53. Huang S, Ding J, Deng D, Tang W, Sun H. 53.  et al. 2013. Draft genome of the kiwifruit Actinidia chinensis. Nat. Commun. 4:2640 [Google Scholar]
  54. Hudson CJ, Kullan ARK, Freeman JS, Faria DA, Grattapaglia D. 54.  et al. 2012. High synteny and colinearity among eucalyptus genomes revealed by high-density comparative genetic mapping. Tree Genet. Genomes 8:339–52 [Google Scholar]
  55. Ireland HS, Yao JL, Tomes S, Sutherland PW, Nieuwenhuizen N. 55.  et al. 2013. Apple SEPALLATA1/2-like genes control fruit flesh development and ripening. Plant J 73:1044–56 [Google Scholar]
  56. Jaillon O, Aury J-M, Noel B, Policriti A, Clepet C. 56.  et al. 2007. The grapevine genome sequence suggests ancestral hexaploidization in major angiosperm phyla. Nature 449:463–67Describes the sequenced genome with the most conserved arrangement from the paleohexaploid from which all eudicots originated. [Google Scholar]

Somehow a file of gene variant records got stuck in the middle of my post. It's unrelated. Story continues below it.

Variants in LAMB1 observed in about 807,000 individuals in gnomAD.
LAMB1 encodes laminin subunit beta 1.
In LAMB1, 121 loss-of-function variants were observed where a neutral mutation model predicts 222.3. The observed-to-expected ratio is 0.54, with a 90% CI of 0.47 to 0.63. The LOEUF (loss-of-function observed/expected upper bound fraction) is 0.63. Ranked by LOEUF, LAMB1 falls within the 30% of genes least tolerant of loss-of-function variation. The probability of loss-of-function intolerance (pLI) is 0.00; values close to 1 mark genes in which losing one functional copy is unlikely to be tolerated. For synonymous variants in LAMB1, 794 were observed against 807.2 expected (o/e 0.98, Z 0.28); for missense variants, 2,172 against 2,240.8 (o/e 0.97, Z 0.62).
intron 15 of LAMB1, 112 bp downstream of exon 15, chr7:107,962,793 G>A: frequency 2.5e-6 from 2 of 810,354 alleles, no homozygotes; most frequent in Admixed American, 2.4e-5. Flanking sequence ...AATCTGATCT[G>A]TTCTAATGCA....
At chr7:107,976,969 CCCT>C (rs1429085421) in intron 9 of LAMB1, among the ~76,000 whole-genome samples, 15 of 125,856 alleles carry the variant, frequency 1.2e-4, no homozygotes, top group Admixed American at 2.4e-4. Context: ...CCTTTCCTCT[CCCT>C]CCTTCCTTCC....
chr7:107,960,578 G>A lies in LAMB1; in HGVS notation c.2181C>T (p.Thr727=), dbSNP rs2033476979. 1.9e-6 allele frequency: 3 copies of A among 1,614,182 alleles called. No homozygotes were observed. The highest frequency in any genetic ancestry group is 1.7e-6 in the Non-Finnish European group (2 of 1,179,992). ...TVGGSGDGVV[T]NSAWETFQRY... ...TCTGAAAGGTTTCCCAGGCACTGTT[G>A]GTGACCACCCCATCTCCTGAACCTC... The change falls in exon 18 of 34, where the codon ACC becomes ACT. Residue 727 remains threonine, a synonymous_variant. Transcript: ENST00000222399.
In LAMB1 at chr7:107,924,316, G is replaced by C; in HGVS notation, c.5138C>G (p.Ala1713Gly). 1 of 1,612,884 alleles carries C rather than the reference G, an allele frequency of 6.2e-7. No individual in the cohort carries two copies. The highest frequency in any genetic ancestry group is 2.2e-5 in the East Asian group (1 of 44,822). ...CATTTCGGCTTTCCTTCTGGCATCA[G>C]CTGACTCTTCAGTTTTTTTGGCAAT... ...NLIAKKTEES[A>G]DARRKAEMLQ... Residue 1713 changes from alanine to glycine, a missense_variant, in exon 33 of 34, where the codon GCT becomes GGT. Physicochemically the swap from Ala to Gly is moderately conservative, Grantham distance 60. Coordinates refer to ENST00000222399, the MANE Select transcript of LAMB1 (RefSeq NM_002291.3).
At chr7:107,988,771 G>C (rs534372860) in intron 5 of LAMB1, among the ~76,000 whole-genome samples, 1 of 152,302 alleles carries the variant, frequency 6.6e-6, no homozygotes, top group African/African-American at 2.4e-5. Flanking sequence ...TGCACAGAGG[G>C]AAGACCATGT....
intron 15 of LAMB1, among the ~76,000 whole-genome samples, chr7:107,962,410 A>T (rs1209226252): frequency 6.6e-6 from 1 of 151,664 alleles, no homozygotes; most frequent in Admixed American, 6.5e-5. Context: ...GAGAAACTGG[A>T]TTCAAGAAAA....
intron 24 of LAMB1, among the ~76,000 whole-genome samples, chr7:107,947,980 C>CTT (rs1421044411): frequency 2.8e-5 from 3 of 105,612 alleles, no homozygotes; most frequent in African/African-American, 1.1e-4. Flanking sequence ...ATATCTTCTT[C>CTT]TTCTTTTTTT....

57. Karlgren A, Gyllenstrand N, Clapham D, Lagercrantz U. 57.  2013. FLOWERING LOCUS T/TERMINAL FLOWER1-like genes affect growth rhythm and bud set in Norway spruce. Plant Physiol. 163:792–803 [Google Scholar]
  58. Karlgren A, Gyllenstrand N, Källman T, Sundström JF, Moore D. 58.  et al. 2011. Evolution of the PEBP gene family in plants: functional diversification in seed plant evolution. Plant Physiol 156:1967–77 [Google Scholar]
  59. Karlova R, Chapman N, David K, Angenent GC, Seymour GB, De Maagd RA. 59.  2014. Transcriptional control of fleshy fruit development and ripening. J. Exp. Bot. 65:4527–41 [Google Scholar]
  60. Kersting AR, Mizrachi E, Bornberg-Bauer E, Myburg AA. 60.  2015. Protein domain evolution is associated with reproductive diversification and adaptive radiation in the genus Eucalyptus. New Phytol. 206:1328–36 [Google Scholar]